Alternative investments are the fastest-growing segment of the global financial markets. As McKinsey reports on year-end 2011 AUM for global alternatives, they have “grown at a five-year rate of over seven times that of traditional asset classes." The definition of alternative investments is somewhat fluid, but essentially, they’re assets that don’t fall into one of the traditional asset classes, such as stocks, bonds, and cash. Alternative investments include venture capital, private equity, real estate, and crypto.
Why are alternative investments important?
Traditional investment vehicles like stocks and bonds have historically provided investors with a reliable return on their capital over time. However, there’s been increasing doubt surrounding their ability to provide this level of return going forward due to factors like inflation and geopolitical uncertainty.
In fact, trends are shifting to the point where young people are expected to make “dismal returns” in the stock market, as reported by The Economist in 2021. It’s forecasted that Gen Z will only make 2% in global, annualised real returns with a 70-30 blend of equities and bonds. US stocks are expected to barely beat inflation over the next decade according to a 2020 article by Mark Hulbert, and that’s according to the re-adjusted inflation rates (inflation according to the original pre-1980 calculation methodology is far higher).
As such, some investors have turned to alternative investments as a way to gain exposure to superior returns while potentially reducing overall volatility in their portfolios.
What are some examples of alternative assets?
Let’s explore the four main well-established alternative asset markets: venture capital, private equity, real estate, and cryptocurrency.
Venture capital is an investment strategy that involves the provision of financing to promising early-stage companies. This financing can take the form of equity in the company, debt financing, or a combination of both.
Venture capital firms provide start-up companies with much-needed funding to help them grow and expand into new markets. The venture capital industry has grown tremendously over the last few decades. As of early 2020, there are now more than 10,000 angel investor profiles on AngelList, an investor syndicate. Global venture funding is red-hot and currently hitting all-time records in the first half of 2021, with $288 billion invested worldwide.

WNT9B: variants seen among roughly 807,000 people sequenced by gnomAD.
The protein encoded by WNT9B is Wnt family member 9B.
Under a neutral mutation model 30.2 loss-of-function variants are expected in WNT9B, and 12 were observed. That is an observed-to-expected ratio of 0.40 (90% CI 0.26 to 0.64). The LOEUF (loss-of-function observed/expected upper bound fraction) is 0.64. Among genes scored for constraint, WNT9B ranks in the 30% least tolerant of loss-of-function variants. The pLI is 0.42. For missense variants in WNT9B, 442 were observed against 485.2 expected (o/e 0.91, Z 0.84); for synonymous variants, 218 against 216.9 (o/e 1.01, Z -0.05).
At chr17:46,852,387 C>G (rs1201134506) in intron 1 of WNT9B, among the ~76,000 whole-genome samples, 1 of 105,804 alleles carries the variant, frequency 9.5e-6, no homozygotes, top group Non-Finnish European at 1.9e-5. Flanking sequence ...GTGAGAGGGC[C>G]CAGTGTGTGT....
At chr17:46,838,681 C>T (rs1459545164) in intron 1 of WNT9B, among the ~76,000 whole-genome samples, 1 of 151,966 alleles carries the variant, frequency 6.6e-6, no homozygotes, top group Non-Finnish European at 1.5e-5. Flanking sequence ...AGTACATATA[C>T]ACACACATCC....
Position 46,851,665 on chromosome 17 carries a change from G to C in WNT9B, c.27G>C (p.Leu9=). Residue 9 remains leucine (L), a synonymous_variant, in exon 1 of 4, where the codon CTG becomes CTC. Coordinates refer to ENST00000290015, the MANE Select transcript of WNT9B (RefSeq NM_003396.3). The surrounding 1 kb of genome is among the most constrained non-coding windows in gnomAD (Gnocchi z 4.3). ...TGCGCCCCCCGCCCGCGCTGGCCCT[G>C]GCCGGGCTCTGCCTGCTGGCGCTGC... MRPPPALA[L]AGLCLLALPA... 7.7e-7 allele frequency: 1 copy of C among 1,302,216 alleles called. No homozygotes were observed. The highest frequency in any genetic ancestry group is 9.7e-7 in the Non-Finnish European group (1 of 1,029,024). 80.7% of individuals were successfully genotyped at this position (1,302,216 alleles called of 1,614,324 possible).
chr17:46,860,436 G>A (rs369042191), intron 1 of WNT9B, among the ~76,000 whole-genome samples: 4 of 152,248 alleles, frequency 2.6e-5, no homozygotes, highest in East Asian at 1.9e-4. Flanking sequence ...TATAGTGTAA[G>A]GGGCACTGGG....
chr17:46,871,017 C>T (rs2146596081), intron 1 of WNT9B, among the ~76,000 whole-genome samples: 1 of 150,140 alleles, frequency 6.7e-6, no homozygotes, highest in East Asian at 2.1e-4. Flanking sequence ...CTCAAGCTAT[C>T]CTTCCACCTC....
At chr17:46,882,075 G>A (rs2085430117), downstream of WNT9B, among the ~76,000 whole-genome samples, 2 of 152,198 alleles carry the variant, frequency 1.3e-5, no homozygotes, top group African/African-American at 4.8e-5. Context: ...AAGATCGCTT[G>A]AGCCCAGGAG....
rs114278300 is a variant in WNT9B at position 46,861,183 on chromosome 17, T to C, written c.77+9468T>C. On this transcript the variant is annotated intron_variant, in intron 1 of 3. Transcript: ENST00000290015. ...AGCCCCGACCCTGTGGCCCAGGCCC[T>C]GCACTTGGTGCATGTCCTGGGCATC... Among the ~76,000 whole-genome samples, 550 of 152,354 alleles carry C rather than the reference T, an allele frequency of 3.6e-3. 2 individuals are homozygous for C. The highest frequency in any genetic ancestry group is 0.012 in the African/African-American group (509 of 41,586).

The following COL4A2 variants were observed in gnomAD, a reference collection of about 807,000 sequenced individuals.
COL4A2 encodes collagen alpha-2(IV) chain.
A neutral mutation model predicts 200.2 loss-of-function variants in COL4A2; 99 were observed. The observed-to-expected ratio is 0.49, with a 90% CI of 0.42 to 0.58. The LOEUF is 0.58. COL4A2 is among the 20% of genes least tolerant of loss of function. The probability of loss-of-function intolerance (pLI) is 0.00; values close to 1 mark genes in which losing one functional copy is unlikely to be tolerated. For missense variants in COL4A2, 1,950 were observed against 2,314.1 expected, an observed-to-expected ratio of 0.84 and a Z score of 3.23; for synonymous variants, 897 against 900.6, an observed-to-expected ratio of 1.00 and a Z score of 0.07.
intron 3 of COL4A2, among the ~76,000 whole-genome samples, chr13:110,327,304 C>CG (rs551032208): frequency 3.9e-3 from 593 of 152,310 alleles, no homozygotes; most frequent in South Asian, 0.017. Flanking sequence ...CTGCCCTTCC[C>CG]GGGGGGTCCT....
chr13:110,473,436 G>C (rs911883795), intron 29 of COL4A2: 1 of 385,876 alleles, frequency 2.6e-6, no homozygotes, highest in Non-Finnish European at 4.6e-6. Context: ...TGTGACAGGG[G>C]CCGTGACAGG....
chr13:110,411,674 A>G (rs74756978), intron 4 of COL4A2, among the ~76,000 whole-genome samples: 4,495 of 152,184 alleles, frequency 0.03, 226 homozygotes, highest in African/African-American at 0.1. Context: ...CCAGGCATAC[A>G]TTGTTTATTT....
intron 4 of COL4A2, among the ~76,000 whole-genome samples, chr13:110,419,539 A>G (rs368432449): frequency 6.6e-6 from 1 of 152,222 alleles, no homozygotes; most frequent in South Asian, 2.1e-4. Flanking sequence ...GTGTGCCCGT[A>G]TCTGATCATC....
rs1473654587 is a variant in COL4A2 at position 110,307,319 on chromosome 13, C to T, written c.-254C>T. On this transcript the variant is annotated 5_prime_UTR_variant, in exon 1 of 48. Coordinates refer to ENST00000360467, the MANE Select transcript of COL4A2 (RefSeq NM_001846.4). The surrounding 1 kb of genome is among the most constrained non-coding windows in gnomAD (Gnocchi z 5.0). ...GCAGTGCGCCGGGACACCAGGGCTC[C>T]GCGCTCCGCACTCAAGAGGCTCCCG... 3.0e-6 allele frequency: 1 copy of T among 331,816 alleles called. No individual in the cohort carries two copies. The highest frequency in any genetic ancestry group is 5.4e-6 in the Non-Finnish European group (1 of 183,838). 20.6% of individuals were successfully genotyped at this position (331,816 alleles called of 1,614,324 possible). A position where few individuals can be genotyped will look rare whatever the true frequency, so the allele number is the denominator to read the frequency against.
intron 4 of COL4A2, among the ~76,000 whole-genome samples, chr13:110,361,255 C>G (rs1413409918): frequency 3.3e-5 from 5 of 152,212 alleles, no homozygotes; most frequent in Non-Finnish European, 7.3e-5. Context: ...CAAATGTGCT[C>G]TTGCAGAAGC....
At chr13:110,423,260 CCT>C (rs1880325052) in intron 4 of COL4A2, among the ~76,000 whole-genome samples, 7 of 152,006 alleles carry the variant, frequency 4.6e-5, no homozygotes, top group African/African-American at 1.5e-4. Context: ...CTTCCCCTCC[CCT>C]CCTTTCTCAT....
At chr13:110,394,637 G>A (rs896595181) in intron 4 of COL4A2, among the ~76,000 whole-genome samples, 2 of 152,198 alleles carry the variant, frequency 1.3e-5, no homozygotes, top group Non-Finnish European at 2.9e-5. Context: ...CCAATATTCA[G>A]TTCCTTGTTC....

Private equity refers to investing in companies that aren’t publicly listed on any stock exchange.
Private equity funds invest in firms across multiple stages of their lifecycle—from startup through acquisition or pre-IPO—and aim to acquire stakes in companies with high growth potential.
Real estate is an obvious example of an alternative asset class; however, it can be challenging for individual investors (as opposed to institutional investors) to gain exposure within this space because most real estate deals are done through partnerships or syndicates rather than single transactions.
That said, real estate continues to be one of the most popular alternatives among individual investors because it offers numerous opportunities for diversification across different property types and geographic regions around the globe.
Cryptocurrency has become extremely popular among institutional and individual investors alike, with over 46 million Americans likely to buy crypto next year, according to a 2022 survey from The Ascent. 82% of institutions surveyed from the US, UK, France, Germany, and the UAE are also looking to increase their exposure to crypto into 2023.
How do alternatives compare to traditional assets?